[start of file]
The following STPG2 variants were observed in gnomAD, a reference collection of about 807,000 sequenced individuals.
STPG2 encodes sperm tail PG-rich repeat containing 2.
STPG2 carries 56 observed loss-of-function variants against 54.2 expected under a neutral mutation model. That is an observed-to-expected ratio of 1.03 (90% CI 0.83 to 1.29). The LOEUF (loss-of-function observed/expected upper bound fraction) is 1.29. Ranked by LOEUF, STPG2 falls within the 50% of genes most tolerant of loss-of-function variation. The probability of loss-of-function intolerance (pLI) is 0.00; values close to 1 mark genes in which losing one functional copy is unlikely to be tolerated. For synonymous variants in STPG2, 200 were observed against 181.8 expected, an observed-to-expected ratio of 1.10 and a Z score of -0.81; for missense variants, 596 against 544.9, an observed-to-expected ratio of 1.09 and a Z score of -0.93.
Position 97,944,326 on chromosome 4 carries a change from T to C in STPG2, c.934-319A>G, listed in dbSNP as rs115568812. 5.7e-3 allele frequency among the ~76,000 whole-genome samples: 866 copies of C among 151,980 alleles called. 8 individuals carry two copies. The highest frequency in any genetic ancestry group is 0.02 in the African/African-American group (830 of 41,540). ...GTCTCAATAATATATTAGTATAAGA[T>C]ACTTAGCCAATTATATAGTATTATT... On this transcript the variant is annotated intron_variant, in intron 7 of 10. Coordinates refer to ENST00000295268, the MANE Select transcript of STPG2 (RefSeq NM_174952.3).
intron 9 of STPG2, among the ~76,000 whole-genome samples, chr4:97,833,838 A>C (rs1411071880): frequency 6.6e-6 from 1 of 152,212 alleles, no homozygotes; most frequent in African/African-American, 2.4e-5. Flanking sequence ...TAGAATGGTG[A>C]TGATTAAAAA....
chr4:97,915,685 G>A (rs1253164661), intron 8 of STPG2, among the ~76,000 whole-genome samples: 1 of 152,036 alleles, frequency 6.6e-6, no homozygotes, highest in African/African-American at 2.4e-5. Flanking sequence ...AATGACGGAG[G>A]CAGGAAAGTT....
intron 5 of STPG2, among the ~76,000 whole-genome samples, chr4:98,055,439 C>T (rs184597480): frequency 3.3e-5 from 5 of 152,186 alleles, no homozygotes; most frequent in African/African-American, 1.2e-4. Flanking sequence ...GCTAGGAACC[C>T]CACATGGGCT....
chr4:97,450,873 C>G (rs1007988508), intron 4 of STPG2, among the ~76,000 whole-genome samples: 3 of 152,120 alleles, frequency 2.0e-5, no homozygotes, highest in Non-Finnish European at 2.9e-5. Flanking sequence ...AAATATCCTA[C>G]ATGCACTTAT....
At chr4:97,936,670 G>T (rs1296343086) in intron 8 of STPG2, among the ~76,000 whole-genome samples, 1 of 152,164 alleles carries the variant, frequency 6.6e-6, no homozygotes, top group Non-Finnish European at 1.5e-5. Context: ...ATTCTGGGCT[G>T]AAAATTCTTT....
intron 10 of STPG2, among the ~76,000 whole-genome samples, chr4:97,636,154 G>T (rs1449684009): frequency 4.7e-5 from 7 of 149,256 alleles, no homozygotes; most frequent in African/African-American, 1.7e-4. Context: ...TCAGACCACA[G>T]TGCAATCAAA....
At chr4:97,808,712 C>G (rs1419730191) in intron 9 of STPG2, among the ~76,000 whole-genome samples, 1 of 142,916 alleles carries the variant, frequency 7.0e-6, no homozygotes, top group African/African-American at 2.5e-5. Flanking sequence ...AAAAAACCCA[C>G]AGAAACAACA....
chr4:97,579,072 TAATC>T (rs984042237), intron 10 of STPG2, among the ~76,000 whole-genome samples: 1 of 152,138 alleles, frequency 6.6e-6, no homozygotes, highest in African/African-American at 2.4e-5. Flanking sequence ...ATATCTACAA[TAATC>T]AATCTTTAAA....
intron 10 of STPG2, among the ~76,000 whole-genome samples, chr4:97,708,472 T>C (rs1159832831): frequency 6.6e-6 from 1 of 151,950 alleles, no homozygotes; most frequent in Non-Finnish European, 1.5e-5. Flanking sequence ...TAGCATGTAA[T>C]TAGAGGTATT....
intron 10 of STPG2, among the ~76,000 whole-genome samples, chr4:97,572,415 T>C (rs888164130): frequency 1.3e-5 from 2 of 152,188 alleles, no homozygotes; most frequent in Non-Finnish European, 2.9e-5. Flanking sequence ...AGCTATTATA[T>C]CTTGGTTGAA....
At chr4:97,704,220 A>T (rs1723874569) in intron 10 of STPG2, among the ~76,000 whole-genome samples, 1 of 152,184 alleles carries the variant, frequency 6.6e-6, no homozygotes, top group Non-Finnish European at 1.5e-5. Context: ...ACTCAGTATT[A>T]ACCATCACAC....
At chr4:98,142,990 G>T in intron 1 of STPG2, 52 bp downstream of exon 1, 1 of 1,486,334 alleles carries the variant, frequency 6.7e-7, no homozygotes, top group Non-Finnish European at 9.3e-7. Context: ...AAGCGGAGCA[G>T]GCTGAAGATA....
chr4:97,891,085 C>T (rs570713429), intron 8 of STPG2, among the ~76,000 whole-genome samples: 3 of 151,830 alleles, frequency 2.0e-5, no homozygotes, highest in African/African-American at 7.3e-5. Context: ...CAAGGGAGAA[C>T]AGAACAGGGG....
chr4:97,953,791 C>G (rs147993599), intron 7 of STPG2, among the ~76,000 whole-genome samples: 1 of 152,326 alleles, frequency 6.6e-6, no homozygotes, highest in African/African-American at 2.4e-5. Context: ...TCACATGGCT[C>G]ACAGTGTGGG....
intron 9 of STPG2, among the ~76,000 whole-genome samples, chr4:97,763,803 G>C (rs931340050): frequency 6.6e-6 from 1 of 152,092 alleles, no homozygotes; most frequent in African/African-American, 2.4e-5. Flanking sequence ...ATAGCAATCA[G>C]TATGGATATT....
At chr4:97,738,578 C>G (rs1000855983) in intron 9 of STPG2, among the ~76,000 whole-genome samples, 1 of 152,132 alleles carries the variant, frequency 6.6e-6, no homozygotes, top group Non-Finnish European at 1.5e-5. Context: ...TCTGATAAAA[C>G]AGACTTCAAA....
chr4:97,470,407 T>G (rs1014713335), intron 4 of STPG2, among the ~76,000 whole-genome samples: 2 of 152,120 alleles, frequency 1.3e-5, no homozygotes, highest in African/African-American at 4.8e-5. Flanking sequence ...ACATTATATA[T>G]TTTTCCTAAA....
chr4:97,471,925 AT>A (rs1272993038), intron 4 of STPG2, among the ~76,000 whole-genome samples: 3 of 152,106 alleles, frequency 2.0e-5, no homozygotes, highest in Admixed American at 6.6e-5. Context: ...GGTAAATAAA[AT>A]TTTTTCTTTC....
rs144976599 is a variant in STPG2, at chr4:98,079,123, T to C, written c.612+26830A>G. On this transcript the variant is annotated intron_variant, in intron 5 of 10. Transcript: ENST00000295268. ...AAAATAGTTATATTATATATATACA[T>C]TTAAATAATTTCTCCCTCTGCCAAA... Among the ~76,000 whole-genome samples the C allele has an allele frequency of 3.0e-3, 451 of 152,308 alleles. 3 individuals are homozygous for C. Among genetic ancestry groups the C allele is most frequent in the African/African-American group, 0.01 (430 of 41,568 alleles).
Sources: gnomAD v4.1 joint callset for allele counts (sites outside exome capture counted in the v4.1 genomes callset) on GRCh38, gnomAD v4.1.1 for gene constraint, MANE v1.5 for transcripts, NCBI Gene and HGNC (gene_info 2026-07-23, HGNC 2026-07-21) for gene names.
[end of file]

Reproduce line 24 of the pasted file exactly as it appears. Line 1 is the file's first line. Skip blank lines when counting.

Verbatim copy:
Sources: gnomAD v4.1 joint callset for allele counts (sites outside exome capture counted in the v4.1 genomes callset) on GRCh38, gnomAD v4.1.1 for gene constraint, MANE v1.5 for transcripts, NCBI Gene and HGNC (gene_info 2026-07-23, HGNC 2026-07-21) for gene names.